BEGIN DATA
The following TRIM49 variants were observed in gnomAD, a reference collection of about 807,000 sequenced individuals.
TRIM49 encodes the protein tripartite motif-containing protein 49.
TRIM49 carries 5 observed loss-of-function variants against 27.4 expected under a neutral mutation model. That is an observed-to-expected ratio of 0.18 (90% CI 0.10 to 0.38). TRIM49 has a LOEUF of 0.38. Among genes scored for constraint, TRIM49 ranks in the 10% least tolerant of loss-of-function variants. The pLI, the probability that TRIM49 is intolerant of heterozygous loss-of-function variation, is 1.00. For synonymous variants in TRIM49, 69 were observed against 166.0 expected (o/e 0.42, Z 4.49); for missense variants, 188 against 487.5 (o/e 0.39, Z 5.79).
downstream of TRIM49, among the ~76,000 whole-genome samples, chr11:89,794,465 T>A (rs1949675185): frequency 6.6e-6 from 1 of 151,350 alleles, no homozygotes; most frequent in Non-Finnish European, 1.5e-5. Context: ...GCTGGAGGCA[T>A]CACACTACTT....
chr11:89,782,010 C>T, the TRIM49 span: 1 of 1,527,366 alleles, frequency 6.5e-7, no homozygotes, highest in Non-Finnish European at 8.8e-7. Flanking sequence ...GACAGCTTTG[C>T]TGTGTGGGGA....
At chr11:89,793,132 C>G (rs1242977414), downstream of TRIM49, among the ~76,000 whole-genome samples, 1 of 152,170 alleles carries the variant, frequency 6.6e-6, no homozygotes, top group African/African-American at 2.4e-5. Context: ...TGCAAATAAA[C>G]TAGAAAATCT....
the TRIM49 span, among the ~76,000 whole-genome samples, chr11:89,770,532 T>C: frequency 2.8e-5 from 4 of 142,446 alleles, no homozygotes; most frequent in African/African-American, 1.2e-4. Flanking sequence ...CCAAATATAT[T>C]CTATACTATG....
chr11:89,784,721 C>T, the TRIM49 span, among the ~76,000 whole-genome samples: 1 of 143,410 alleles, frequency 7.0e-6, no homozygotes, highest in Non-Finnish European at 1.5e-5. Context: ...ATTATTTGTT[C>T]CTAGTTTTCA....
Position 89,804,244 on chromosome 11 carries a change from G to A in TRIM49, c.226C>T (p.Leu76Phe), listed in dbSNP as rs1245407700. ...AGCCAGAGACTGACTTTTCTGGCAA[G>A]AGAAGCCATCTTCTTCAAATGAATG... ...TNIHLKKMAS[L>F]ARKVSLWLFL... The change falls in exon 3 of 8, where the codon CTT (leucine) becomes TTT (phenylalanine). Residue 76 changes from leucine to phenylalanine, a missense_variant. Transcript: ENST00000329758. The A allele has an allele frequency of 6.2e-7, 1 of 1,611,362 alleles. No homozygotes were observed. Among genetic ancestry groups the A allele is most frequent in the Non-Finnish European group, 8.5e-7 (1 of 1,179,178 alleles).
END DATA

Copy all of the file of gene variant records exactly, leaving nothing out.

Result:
The following TRIM49 variants were observed in gnomAD, a reference collection of about 807,000 sequenced individuals.
TRIM49 encodes the protein tripartite motif-containing protein 49.
TRIM49 carries 5 observed loss-of-function variants against 27.4 expected under a neutral mutation model. That is an observed-to-expected ratio of 0.18 (90% CI 0.10 to 0.38). TRIM49 has a LOEUF of 0.38. Among genes scored for constraint, TRIM49 ranks in the 10% least tolerant of loss-of-function variants. The pLI, the probability that TRIM49 is intolerant of heterozygous loss-of-function variation, is 1.00. For synonymous variants in TRIM49, 69 were observed against 166.0 expected (o/e 0.42, Z 4.49); for missense variants, 188 against 487.5 (o/e 0.39, Z 5.79).
downstream of TRIM49, among the ~76,000 whole-genome samples, chr11:89,794,465 T>A (rs1949675185): frequency 6.6e-6 from 1 of 151,350 alleles, no homozygotes; most frequent in Non-Finnish European, 1.5e-5. Context: ...GCTGGAGGCA[T>A]CACACTACTT....
chr11:89,782,010 C>T, the TRIM49 span: 1 of 1,527,366 alleles, frequency 6.5e-7, no homozygotes, highest in Non-Finnish European at 8.8e-7. Flanking sequence ...GACAGCTTTG[C>T]TGTGTGGGGA....
At chr11:89,793,132 C>G (rs1242977414), downstream of TRIM49, among the ~76,000 whole-genome samples, 1 of 152,170 alleles carries the variant, frequency 6.6e-6, no homozygotes, top group African/African-American at 2.4e-5. Context: ...TGCAAATAAA[C>G]TAGAAAATCT....
the TRIM49 span, among the ~76,000 whole-genome samples, chr11:89,770,532 T>C: frequency 2.8e-5 from 4 of 142,446 alleles, no homozygotes; most frequent in African/African-American, 1.2e-4. Flanking sequence ...CCAAATATAT[T>C]CTATACTATG....
chr11:89,784,721 C>T, the TRIM49 span, among the ~76,000 whole-genome samples: 1 of 143,410 alleles, frequency 7.0e-6, no homozygotes, highest in Non-Finnish European at 1.5e-5. Context: ...ATTATTTGTT[C>T]CTAGTTTTCA....
Position 89,804,244 on chromosome 11 carries a change from G to A in TRIM49, c.226C>T (p.Leu76Phe), listed in dbSNP as rs1245407700. ...AGCCAGAGACTGACTTTTCTGGCAA[G>A]AGAAGCCATCTTCTTCAAATGAATG... ...TNIHLKKMAS[L>F]ARKVSLWLFL... The change falls in exon 3 of 8, where the codon CTT (leucine) becomes TTT (phenylalanine). Residue 76 changes from leucine to phenylalanine, a missense_variant. Transcript: ENST00000329758. The A allele has an allele frequency of 6.2e-7, 1 of 1,611,362 alleles. No homozygotes were observed. Among genetic ancestry groups the A allele is most frequent in the Non-Finnish European group, 8.5e-7 (1 of 1,179,178 alleles).